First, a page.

President Donald Trump’s historic tax reform has grown more popular with the American people since Congress passed the measure and the chief executive signed it into law in December, according to a survey by The New York Times.
The SurveyMonkey poll conducted for The Times found that 46 percent of Americans either strongly support the law or somewhat approve of it. That’s a 9 percent increase from the 37 percent who said the same before the bill’s passage.
With the Dow Jones Industrial Average surpassing 26,000 for the first time Tuesday, unemployment rates decreasing and a growing list of companies offering bonuses and pay raises to employees following passage, Trump’s biggest legislative victory to date is gaining some traction with the public.
"The American people are already feeling the impact of tax reform, even though it hasn't even fully kicked in yet," Tea Party Patriots Citizens Fund Chairman Jenny Beth Martin said in a statement Wednesday.
"The president's determination to deliver on his conservative campaign promises to reduce regulations and cut taxes is resulting in a growing economy and a much more confident American public," Martin continued.
"The positive impact of those conservative policies is reflected in the latest NY Times poll that shows growing confidence among taxpayers since the tax reform package was signed into law," she said.
The survey, which polled 10,509 adults during the first week of 2018, also found 42 percent of those interviewed believe the U.S. economy is faring better now than it was at the beginning of 2017 and Trump's inauguration.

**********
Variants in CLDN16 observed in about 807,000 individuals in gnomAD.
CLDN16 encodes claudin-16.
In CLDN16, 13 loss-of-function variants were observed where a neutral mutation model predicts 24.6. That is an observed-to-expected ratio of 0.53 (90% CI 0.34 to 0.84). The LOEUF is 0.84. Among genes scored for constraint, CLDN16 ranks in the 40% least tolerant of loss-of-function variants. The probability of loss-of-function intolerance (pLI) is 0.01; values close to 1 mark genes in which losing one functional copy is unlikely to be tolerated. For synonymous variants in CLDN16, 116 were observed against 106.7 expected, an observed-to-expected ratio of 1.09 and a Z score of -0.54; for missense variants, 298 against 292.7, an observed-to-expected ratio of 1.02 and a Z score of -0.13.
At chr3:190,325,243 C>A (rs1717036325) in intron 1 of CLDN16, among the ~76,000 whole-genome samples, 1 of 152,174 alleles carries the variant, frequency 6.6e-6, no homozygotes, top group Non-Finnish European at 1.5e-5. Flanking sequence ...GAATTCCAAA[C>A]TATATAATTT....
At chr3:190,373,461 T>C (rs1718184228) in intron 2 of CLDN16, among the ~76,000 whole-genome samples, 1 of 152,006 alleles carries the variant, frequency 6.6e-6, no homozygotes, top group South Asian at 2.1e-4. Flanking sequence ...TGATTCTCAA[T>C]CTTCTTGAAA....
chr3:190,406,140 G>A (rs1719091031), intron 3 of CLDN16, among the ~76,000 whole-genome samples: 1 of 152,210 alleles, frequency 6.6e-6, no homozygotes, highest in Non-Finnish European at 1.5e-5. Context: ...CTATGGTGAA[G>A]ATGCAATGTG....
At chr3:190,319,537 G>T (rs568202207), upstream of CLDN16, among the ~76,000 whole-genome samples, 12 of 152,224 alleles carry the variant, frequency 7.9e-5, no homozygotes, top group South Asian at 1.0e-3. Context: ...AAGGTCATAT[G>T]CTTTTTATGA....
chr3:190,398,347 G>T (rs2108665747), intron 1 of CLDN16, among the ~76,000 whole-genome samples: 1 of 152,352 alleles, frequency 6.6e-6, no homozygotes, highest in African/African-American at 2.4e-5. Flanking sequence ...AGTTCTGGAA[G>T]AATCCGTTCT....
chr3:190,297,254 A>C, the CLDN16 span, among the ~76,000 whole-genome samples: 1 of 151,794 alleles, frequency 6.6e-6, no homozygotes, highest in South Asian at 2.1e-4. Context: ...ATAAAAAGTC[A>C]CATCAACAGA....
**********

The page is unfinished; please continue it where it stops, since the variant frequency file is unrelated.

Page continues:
"After decades of Washington dysfunction and out-of-control growth of government, the American people want results that will make their lives better," Martin said. "As this poll suggests, if they continue to see these results, they will express their approval for the people they elected."
A Politico/Morning Consult poll conducted January 11-16 among 1,993 registered voters and released Wednesday also found an uptick in Americans' support for the new tax law since its passage in December, from 42 percent to 45 percent.
Opposition sank from 39 percent to 34 percent. Politico noted that "after respondents were told about the major provisions of the bill, support rose to 47 percent."
Republicans attributed much of the opposition to the tax bill prior to its passage to the onslaught of negative coverage in the mainstream media, congressional Democrats, and well-funded liberal activist groups. Former Speaker of the House Newt Gingrich told Fox News in late December that media outlets were "lying about the tax cuts" to the American people.
"All of the elite media's lying about the tax cuts," Gingrich told "Fox & Friends." "And then you go to the average American and say, 'What do you think?' And they say, 'Well, gosh — based on what I've heard, I guess I'm against it.' Then the media says, 'Oh, my gosh — this is an unpopular tax cut.'"
Speaker of the House Paul Ryan (R-Wis.) also blasted the media and the Left during an interview on ABC News' "Good Morning America" prior to the bill's passage. Ryan said he thought the people "have sort of been hit on their TV screens by the media and the Democrats that everybody's getting a big tax increase."
"That's just not the case," Ryan said. "But they've been hit on TV with so many different confusing messages that there's no wonder there's a little confusion surrounding this."
Last Modified: January 17, 2018, 9:05 pm